SAN ANTONIO -- A U.S. Air Force basic training instructor was sentenced to 30 days in jail on Thursday and had his rank reduced after being convicted of improper sexual misconduct at a court martial, one of seven cases in the worst military sex scandal since 1996.
Tech. Sgt. Christopher Smith, 33, received his punishment after the seven-member jury deliberated for five hours. The sentencing, which capped a three-day court-martial at the base, includes a reduction in rank to airman first class.
Smith was convicted Wednesday of seeking to develop an intimate relationship with one female trainee and fraternizing with another at Lackland Air Force Base in San Antonio. He was acquitted of making sexual advances on the female trainee he pursued and of obstructing justice.
Lackland is where all Air Force recruits go through basic training. It has about 500 instructors for about 35,000 airmen who graduate every year. While one in five recruits are women, most instructors are men.
Seven trainers at Lackland have been charged with sexual misconduct. The latest, Staff Sergeant Jason Manko, was charged on Thursday, Air Force officials said.
Last month, a military jury gave Staff Sgt. Luis Walker a 20-year sentence after the former instructor was convicted of rape and sexual assault. The counts against Walker were the most severe in the investigation.
A third trainer earlier pleaded guilty to sexual misconduct.
Smith can remain in the military after he finishes his sentence, though not as a military training instructor.
A total of 38 women have come forward to claim they were victims of inappropriate conduct at the hands of their basic training instructors.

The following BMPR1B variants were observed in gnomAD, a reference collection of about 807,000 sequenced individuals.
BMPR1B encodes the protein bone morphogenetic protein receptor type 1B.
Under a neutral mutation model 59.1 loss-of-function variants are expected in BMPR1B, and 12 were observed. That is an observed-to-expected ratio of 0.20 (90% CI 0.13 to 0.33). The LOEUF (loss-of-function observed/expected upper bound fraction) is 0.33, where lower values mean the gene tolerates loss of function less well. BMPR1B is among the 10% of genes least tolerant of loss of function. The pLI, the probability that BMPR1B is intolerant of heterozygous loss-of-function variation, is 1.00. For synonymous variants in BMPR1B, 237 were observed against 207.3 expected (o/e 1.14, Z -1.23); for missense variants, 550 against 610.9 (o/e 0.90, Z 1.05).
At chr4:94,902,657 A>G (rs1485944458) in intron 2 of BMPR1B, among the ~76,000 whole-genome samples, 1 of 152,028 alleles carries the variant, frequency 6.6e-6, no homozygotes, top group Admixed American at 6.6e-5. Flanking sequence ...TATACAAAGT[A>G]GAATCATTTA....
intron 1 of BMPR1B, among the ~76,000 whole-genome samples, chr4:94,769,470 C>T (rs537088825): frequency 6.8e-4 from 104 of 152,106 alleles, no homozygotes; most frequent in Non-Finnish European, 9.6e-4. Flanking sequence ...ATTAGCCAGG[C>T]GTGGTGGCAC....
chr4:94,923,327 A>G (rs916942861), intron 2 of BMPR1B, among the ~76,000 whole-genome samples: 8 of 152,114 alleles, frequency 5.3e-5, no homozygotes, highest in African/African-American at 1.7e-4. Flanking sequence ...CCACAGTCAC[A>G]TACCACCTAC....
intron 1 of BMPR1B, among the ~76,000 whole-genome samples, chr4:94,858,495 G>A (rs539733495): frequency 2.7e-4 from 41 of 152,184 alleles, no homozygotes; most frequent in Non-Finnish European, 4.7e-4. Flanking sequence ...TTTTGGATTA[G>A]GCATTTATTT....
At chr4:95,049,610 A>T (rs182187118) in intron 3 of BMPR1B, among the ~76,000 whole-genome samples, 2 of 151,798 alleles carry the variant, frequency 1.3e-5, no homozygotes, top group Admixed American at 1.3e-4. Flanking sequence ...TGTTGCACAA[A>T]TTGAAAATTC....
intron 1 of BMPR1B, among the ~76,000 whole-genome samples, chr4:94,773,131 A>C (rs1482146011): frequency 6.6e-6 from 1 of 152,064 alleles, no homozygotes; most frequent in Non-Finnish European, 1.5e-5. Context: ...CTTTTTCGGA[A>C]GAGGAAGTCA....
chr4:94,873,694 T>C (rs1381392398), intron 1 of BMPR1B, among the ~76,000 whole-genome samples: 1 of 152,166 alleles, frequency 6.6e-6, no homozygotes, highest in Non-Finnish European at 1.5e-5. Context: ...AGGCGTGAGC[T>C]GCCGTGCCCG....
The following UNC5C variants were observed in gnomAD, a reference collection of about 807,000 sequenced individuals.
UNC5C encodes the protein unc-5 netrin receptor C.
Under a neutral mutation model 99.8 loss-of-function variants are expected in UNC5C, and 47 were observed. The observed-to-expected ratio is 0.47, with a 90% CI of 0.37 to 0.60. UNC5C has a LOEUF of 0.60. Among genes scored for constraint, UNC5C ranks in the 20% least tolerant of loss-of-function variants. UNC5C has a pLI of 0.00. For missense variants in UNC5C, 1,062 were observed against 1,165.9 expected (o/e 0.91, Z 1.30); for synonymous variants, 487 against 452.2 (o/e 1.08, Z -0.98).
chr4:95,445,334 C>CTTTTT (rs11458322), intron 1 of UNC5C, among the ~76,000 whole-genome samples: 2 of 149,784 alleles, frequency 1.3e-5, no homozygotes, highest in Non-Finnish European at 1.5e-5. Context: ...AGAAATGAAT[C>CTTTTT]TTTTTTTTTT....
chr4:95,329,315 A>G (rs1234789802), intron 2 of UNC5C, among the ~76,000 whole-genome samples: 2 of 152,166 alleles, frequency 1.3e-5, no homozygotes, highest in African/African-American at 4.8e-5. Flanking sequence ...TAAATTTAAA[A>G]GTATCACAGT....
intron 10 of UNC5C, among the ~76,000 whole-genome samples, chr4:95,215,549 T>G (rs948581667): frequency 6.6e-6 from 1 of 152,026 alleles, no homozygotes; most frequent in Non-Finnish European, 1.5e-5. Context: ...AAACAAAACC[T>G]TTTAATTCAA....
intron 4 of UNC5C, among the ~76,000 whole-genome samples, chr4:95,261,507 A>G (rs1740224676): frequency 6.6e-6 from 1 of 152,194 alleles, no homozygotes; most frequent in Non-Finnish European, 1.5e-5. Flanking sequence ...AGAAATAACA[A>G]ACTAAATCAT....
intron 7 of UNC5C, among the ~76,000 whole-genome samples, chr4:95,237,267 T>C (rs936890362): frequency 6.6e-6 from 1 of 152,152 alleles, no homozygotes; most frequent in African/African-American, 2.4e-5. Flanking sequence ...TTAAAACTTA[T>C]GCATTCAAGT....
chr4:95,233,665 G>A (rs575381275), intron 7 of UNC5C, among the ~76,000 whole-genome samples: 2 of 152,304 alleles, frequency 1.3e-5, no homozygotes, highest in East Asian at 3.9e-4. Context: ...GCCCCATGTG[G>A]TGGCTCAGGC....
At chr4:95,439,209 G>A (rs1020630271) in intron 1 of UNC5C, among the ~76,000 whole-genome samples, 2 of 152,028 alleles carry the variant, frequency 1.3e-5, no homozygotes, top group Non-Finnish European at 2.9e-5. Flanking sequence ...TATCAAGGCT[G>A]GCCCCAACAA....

Courts-martial have been set for three more trainers, with Master Sgt. Jamey Crawford scheduled for trial Sept. 5. He stands accused of having a wrongful sexual relationship with a trainee, wrongfully providing and consuming alcohol with a trainee and committing adultery with the trainee.
In a mixed verdict, a jury found Smith guilty of seeking to develop an intimate relationship with a teenage trainee, but cleared him of charges of making sexual advances. Smith was found guilty of having a personal social relationship with a second female trainee.
Smith was convicted by a "special" court martial, a streamlined process allowed in cases where the maximum penalty is no more than a year in prison.
U.S. Senator John Cornyn, who had blocked the nomination of the proposed Air Force chief of staff over concerns about the sex scandal, said on Thursday he has lifted his hold on the appointment of General Mark Welsh.
The Texas Republican said he asked Welsh to conduct a formal review of current Air Force policy and training on sexual assault prevention and inappropriate relationships.
U.S. Representative Jackie Speier has called for hearings in the House, saying the problem of women in the military being sexually harassed and raped by men in command positions is far more widespread than officials have been willing to believe.
Pressure is mounting from the public as well.
Paula Coughlin-Puopolo, the former Navy helicopter pilot who exposed the 1991 Tailhook scandal involving allegations of sexual abuse by military pilots, on Thursday presented petitions signed by more than 10,000 people to House Armed Services Committee Chairman Buck McKeon, demanding public hearings into the Lackland case.
The U.S. military hasn't been confronted with a sex scandal of similar scope since 1996. That scandal involved an Army base in Maryland.
Reuters and The Associated Press contributed to this report.
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